Elizabeth alternated between working the reins and gripping the saddle horn while the 800-pound horse beneath her buckled its body around an upright barrel. Clay soil clots spat out from the hooves as the horse charged through the tight turns in the cloverleaf pattern around two other barrels. Elizabeth drove her heels against the horse’s belly to communicate directions and urge more speed. Through a shimmering dust curtain, girl and horse bolted for the finish line.
“I grew up on a cattle ranch in Montana by the Wyoming border, so I grew up on horseback,” Elizabeth Helvey recalls.
Perhaps the only rodeo event she loved more than barrel racing was showing cattle. Someone once snapped a picture of her, aged 15 or 16, kitted out in full cowgirl regalia, showing a steer for 4-H. Just as the picture snapped, Elizabeth leaned forward. The result is a black and white image of a young girl seeming to sniff a bull’s business end.
Elizabeth laughs heartily remembering that picture. Her humility is evident. Indeed, it may have been her natural ability to never take herself too seriously which made her the most natural fit for the DAEC’s new Executive Director. Growing up in that rural outpost of the American west, Elizabeth learned that the image of the loner cowboy was false. Where she came from, everyone helped everyone.
“We’d help each other with branding. We’d help each other with roundup in the fall. We’d work together to get the school open. We were too rural to have any county or state resources,” Elizabeth notes. She eventually took hold of a core belief—call it a rawhide guide to life. As she puts it, “We are stronger when we are more connected.”
But the interconnectedness of that community came under threat when mining companies bought out many of the area’s ranches. The population swiftly divided into the “haves” and the “have nots.” Some families experienced internal strife as they debated whether to sell or keep their land. For a time, arguments, grudges, and resentments frayed the community.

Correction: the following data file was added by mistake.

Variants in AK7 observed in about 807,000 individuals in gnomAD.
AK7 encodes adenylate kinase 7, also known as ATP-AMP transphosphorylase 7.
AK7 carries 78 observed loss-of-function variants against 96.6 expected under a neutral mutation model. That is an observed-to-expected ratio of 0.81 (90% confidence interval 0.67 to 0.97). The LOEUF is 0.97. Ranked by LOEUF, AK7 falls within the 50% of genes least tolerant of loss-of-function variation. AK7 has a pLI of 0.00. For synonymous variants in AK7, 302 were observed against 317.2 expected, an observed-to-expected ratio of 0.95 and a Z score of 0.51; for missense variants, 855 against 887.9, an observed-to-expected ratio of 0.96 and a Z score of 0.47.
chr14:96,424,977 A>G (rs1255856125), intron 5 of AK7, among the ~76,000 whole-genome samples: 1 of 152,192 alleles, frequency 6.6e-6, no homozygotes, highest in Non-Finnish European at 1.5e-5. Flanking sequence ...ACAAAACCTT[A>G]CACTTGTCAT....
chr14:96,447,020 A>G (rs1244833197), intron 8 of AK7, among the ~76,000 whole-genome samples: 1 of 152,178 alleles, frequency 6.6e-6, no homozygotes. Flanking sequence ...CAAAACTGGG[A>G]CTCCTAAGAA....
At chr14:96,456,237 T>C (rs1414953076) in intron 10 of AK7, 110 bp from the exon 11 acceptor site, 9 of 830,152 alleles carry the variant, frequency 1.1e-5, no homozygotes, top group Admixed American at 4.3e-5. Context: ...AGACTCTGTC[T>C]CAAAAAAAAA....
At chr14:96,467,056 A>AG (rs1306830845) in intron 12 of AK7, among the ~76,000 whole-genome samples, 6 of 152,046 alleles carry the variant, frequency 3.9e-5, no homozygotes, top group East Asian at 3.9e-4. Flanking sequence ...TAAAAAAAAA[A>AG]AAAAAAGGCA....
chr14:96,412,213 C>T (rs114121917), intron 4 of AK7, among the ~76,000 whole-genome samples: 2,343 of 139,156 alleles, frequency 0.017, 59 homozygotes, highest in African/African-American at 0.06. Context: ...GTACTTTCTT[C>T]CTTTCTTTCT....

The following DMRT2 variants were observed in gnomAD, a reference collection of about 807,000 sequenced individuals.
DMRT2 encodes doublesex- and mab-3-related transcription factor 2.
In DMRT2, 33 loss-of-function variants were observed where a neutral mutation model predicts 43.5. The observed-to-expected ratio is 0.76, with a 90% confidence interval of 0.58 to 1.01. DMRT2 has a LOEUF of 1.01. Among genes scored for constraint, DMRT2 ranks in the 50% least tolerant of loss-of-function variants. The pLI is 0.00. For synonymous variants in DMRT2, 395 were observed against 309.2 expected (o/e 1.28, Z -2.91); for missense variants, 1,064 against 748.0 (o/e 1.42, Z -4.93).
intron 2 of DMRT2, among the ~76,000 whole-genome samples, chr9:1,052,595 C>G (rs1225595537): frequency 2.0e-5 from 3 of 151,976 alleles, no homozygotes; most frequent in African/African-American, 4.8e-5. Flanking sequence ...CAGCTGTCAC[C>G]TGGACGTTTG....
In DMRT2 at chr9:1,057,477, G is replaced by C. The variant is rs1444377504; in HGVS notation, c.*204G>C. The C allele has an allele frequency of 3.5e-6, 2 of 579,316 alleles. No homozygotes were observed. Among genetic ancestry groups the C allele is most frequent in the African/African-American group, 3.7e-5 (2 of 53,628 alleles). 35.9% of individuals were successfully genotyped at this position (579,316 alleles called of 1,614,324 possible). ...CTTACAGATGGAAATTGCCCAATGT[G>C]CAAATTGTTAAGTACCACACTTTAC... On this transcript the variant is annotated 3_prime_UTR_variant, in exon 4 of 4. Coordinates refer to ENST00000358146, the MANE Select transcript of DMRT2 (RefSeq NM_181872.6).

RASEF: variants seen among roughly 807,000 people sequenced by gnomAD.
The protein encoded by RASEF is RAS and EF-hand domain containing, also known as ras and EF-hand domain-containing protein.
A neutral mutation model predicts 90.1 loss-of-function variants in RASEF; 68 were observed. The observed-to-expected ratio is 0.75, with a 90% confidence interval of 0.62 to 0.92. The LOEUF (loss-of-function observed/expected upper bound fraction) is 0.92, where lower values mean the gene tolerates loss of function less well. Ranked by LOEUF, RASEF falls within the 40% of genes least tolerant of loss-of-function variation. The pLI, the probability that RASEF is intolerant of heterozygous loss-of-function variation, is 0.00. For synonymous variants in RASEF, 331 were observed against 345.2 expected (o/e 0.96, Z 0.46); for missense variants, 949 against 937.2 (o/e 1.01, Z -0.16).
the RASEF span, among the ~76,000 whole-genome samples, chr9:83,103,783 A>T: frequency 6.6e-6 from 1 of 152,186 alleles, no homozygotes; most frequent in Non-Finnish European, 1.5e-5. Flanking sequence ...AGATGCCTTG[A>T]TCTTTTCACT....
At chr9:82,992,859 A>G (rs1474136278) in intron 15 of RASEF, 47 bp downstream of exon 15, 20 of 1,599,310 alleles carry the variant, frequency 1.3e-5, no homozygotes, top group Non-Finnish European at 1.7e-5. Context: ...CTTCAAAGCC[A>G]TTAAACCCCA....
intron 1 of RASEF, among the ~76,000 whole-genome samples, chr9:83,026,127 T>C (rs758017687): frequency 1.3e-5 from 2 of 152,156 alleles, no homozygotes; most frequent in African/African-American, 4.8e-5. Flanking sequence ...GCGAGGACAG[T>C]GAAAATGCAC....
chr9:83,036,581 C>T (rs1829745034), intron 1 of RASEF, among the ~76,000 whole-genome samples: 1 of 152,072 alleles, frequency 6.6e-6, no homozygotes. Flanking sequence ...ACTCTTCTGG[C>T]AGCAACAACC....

As a result, Elizabeth carried into adulthood an unshakable fascination for community systems and social negotiation. Her higher education included specialties in economics and urban planning.
“I get so excited trying to figure out how to take a system that works in one area and make it work in another area,” she says. Then she laughs, “Gosh that sounds so nerdy! But it spurs creativity and creative problem solving.”
For the next 25 years, Elizabeth delved deeply into creative problem solving when she took a job dealing with what she describes as “intergovernmental relations.” Essentially, the private company she worked for advised the U.S. Department of Energy whenever it needed to transport radioactive materials. The deeper the concerns for public safety, the more likely tempers were to flare. Elizabeth was, therefore, tasked with aligning the interests, legalities, and actions of federal, state, and tribal governments.
Six years ago, her husband’s job with the State of Colorado transferred the family—including a son, a daughter, and Osito the dog—to Durango. Elizabeth reveled in both the outdoor delights and she dipped a toe in nonprofit volunteerism. After a while, her innate curiosity for complex systems fixated on her local community and its place within a larger, more complex economic web. About the time she began to wonder what else she might do with her vast talents, the DAEC’s job posting appeared.
“When I was looking at the organization, thinking about whether I would apply, I found the statement of beliefs on the website,” Elizabeth explains. “And the very first one is: We believe in the inherent value of every individual. I didn’t need to read further than that! Any organization that puts that forward is the one I want to work for!”
That core tenet resounding at the heart of the DAEC echoed Elizabeth’s upbringing. She knew she’d found her home away from home.
She has since used the quiet summer months to ease into the saddle. Day by day, she feels the reins more securely in her grip, but she feels no desire to pull up and halt momentum. She believes her predecessor, Teresa Malone, left behind a supremely strong organization. With that kind of foundation in place, Elizabeth wants to apply her skills where they will matter most in the distant and not-so-distant future.
“I just see big challenges ahead for the nonprofit world,” Elizabeth asserts. She points to tight economic situations facing county and state governments. She notes that the overall government sector is waning as a funding source. “We’re going to have to be creative to stay ahead of the curve.”
To that end, Elizabeth is eager to investigate how the DAEC might partner with other nonprofits, the wider community, as well as the private sector. How might she wrangle together complex systems and divergent interests in order to benefit her community over the long haul? No matter what the future holds, Elizabeth is unafraid to take the bull by the horns (or sniff its backside) because her lifelong values guide the way.
As she puts it, “The more we can integrate people into our community, the more we can be supportive of each other, then the stronger we’ll all be.”